Health officials urge public to maintain COVID-19 protections as Alabama businesses reopen

Health officials urge public to maintain COVID-19 protections as Alabama businesses reopen
Alabama restaurants, like Fleming's Prime Steakhouse and Wine Bar, could begin operating dining rooms again on Monday with safeguards like six feet separation of customers and other measures. Certain safeguards are crucial, health officials say, in order to avoid a resurgence of COVID-19 cases. (Donna Cope / Alabama NewsCenter)

With the reopening of restaurant dining rooms, barbershops and hair salons, fitness centers and church services in Alabama this week, there is concern among health officials that people may become lax in the protective actions that have helped keep hospitals from being overrun with cases thus far in the COVID-19 pandemic.

While many agree there is a need to reopen the economy, elected leaders and health officials have done so while emphasizing the need to continue doing the things that have been shown to be effective in limiting the spread of the coronavirus.

At a news conference in Birmingham today, Dr. Ellen Eaton, assistant professor in the UAB Division of Infectious Diseases, said at a minimum, individuals should wash their hands for 20 seconds or use hand sanitizer before going into a small business or in between errands. Social distancing of six feet between others outside of your household remains a requirement and Eaton also encouraged wearing a face covering up until sitting down at a restaurant and then wearing it to the restroom or any other time getting up from your table.

Eaton also suggested checking a business to see if it’s crowded before going inside.

The city of Birmingham will continue to require masks in public for most people and situations, Mayor Randall Woodfin said today.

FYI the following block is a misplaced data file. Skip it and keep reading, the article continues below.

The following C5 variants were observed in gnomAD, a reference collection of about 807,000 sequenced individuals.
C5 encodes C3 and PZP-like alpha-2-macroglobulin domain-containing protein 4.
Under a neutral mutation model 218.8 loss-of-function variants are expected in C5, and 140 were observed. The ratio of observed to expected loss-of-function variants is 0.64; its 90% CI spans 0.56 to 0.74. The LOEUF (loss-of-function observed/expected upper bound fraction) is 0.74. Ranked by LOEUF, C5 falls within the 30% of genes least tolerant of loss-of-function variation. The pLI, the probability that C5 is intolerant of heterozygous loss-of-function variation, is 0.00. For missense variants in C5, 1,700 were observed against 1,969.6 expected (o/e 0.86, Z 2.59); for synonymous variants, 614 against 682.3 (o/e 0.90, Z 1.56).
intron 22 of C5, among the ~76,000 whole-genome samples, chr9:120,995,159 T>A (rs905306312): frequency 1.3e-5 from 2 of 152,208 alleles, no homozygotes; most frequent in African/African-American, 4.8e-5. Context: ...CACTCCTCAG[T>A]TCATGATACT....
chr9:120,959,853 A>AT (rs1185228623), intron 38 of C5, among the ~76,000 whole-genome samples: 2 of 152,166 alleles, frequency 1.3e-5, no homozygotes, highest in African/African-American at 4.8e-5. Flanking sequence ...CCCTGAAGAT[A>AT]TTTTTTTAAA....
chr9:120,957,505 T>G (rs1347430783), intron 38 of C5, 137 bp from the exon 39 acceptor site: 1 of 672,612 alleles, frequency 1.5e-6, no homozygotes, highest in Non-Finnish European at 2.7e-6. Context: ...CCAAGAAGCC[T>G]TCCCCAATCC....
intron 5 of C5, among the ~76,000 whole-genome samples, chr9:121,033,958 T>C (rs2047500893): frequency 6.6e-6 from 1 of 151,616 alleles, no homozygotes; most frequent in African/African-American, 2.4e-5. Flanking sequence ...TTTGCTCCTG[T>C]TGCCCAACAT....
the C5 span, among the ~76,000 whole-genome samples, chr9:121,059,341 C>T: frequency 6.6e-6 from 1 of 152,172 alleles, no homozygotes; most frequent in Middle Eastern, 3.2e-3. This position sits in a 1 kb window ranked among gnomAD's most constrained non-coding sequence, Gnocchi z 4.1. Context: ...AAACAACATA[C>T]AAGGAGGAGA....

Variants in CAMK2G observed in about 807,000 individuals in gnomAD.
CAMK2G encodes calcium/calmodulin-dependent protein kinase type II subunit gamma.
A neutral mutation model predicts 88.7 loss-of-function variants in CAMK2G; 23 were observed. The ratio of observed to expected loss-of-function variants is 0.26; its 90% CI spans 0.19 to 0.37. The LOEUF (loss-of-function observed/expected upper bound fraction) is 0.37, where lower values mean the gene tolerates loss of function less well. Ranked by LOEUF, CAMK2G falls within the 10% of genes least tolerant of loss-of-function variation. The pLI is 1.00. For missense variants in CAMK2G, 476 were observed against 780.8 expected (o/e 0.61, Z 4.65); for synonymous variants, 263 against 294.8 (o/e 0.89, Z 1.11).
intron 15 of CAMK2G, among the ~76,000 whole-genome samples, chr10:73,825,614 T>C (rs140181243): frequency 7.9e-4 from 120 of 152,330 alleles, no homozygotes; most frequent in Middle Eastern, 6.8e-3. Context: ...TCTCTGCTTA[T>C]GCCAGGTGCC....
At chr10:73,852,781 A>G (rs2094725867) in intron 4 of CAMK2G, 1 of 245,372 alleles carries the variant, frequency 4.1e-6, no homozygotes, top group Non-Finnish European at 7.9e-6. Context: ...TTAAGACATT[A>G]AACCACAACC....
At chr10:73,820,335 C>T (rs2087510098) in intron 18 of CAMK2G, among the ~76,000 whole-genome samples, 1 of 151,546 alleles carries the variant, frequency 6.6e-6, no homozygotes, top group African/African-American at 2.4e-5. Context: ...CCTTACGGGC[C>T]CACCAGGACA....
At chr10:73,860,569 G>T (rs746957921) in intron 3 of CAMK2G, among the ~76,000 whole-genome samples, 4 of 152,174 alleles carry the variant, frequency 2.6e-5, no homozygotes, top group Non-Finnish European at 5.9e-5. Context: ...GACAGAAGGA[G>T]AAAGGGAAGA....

“The decisions we make moving forward, we still have to make sure that people are safe and the community is protected,” he said.

In her announcement Friday that businesses and churches could begin reopening this week, Gov. Kay Ivey did so while reminding the public that COVID-19 remains a real risk.

“I know full well that I sound like a broken record, but, friends, I can’t say this more clearly: The threat of COVID-19 continues to exist,” Ivey said. “It is truly deadly and it must be addressed.”

State Health Officer Dr. Scott Harris said the state is able to reopen more businesses now because the public’s willingness to stay at home and follow the guidelines have kept hospitals from being overrun. However, to avoid a resurgence, he cautioned the public to continue the practices.

That’s also the concern of Dr. Jeanne Marrazzo, division director of infectious diseases at UAB.

“I think the huge concern right now for us is that with this opening, if people don’t continue to take this evidence forward, we’re going to backslide,” she said Friday. “All of the gains that we’ve made in the last two months of extreme sacrifice could be lost very quickly.”

Mobile County Health Officer Dr. Bernard H. Eichold II said Monday the reopening of businesses should be met with more testing and tracking of cases.

“As the new governor/health officer order goes into effect, the Mobile County Health Department team is enhancing our tracking and testing abilities,” Eichold said. “We will be expanding our testing at all of our eight clinic sites within five cities including the (Dauphin Island Parkway) community. Yes, we still have COVID-19 disease spreading, but to date our public health actions and the community response have resulted in medical demand not exceeding our hospitals’ capacity. Be safe and follow the new public health recommendations.”

Jefferson County Health Officer Dr. Mark Wilson said Friday the public needs to weigh the need to reopen the economy with the need to keep others safe from the spread of the disease.

“I think I can safely say that this new step that we’re taking does make me nervous,” he said. “I don’t think there is any way to avoid that, though. We have to eventually open business back up and if it were now or if it were three months from now, I would still be nervous about it.”

As of 5 p.m. Tuesday, the Alabama Department of Public Health said there have been 10,310 cases of COVID-19 in the state since the pandemic began, with 429 confirmed deaths due to the disease.

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